MORNING MINUTES: What will make headlines, Sept 17, 2015

The Sri Ruthra Kaliamman Temple’s main sanctum.
The Sri Ruthra Kaliamman Temple’s main sanctum.ST PHOTO: KUA CHEE SIONG

Good morning! Morning Minutes is a round-up of stories that will break on Sept 17 and which we think you'd be interested in.

It appears on weekdays, available by 7am.

Hindu temple reopens after upgrading

The Sri Ruthra Kaliamman Temple’s main sanctum will be officially reopened this morning with a consecration ceremony.
The Hindu temple on Depot Road, which traces its roots to 1913, was closed in March for a $1.2 million upgrading exercise.
Deputy Prime Minister and Finance Minister Tharman Shanmugaratnam will be the guest-of-honour at the ceremony, which several thousand devotees are expected to attend. - MELODY ZACCHEUS

EU president set to announce decision on emergency migrant summit today


 European Council President Donald Tusk during a news conference on Sept 11, 2015. PHOTO: REUTERS

European Union (EU) president Donald Tusk is set to make a decision today on whether there would be an emergency summit of EU leaders to discuss the region's worsening migrant crisis. Pressure is building for a special European Union summit to come up with solutions to the crisis, with the bloc bitterly split and its vaunted passport-free Schengen zone in jeopardy. Countries in Europe are grappling with its biggest migratory wave since the end of World War II. Hungary on Tuesday sealed its frontier and EU states tightened border controls over the unprecedented human influx.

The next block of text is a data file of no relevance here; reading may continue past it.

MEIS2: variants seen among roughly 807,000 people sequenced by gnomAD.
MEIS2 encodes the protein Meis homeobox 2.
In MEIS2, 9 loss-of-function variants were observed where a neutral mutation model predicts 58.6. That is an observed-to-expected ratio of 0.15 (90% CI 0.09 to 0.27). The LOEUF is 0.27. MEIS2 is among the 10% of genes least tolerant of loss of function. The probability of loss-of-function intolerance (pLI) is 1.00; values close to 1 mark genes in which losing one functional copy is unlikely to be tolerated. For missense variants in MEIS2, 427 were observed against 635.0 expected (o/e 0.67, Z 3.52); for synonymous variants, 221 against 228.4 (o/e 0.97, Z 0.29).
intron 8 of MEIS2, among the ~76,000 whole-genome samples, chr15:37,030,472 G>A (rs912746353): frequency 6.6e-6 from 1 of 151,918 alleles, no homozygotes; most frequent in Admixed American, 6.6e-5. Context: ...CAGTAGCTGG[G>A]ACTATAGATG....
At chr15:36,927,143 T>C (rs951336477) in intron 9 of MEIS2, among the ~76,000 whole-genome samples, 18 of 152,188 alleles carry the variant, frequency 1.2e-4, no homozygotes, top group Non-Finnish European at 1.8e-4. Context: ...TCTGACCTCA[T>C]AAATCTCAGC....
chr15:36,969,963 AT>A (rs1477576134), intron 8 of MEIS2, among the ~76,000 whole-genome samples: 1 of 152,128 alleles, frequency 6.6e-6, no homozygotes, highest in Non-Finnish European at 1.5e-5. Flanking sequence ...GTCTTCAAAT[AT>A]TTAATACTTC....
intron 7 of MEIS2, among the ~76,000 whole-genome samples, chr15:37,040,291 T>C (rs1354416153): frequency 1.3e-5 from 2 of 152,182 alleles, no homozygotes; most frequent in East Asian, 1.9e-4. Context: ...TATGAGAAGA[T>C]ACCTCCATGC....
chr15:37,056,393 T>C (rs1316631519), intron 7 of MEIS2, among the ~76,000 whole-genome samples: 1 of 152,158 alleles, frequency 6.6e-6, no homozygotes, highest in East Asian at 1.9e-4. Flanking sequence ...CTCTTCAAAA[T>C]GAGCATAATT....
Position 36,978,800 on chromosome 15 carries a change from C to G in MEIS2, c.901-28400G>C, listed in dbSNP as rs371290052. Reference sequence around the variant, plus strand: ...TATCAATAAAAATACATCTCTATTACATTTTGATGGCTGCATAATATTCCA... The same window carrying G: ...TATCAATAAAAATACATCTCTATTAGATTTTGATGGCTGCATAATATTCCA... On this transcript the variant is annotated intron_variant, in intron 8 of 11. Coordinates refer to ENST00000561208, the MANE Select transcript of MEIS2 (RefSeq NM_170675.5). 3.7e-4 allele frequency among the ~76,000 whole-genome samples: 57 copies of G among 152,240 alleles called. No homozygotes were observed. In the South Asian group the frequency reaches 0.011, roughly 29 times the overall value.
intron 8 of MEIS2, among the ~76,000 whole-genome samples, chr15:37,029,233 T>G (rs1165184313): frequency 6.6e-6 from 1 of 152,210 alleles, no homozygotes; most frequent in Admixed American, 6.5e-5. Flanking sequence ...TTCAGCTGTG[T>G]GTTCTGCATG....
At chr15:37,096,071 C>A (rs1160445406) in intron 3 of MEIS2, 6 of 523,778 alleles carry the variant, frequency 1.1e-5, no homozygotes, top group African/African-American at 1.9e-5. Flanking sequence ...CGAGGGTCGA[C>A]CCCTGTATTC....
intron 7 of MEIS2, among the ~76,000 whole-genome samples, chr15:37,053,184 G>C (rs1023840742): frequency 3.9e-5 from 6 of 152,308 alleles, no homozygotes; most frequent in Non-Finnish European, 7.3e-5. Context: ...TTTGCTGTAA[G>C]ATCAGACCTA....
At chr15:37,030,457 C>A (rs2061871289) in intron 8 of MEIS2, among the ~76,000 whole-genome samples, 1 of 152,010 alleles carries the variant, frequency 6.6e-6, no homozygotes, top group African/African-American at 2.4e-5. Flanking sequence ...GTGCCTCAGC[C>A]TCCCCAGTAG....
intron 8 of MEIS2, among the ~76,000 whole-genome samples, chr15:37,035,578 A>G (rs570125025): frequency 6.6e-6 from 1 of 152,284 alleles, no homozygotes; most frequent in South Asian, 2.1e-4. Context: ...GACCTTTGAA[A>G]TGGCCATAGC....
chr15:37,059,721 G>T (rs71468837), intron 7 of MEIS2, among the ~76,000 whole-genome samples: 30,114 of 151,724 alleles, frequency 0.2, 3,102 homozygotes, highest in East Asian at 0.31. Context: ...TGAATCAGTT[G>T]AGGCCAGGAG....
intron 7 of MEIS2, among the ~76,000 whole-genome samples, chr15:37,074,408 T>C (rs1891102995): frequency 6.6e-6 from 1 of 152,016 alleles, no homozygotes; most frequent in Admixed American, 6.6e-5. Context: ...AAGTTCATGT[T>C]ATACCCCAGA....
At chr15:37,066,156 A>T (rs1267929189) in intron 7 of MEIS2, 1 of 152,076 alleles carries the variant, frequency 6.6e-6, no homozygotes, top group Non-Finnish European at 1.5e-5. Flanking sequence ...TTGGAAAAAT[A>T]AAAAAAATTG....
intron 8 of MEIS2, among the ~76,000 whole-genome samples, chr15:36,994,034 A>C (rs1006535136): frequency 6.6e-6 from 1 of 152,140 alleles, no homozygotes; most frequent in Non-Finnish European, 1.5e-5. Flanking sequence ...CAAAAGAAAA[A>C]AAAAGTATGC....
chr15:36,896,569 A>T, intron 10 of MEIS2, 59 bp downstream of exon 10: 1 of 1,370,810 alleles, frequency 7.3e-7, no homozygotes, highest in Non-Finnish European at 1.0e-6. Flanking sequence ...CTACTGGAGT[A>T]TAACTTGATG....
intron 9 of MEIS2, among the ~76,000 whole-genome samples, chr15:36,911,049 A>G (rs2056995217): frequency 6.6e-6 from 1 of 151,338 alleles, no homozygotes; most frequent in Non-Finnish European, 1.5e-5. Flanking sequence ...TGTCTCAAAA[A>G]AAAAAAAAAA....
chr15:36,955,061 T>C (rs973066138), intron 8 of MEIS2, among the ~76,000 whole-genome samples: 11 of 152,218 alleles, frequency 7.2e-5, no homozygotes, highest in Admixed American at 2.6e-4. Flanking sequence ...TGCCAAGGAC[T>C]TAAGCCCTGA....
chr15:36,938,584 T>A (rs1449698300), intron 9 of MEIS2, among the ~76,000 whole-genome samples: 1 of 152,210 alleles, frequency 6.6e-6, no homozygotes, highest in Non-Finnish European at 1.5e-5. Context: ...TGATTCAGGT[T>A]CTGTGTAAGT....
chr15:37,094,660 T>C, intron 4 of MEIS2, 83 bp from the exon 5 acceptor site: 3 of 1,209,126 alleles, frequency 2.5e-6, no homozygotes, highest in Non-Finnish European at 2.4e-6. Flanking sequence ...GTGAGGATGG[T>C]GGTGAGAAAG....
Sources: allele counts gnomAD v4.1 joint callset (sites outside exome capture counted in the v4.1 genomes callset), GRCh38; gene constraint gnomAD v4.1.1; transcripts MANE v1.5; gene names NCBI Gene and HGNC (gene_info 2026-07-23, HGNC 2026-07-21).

Indonesia central back benchmark interest rate


Pressure on the local currency and bond markets have risen ahead of a possible rise in interest rates by the U.S. Federal Reserve. PHOTO: REUTERS

Indonesia’s central bank is likely to leave its benchmark interest rate on hold at 7.50 per cent at a policy meeting today, amid renewed pressure on the fragile rupiah and inflation risks. Pressure on the local currency and bond markets have risen ahead of a possible rise in interest rates by the U.S. Federal Reserve, which will announce its decision tomorrow, as it may spark capital outflows from emerging markets like Indonesia.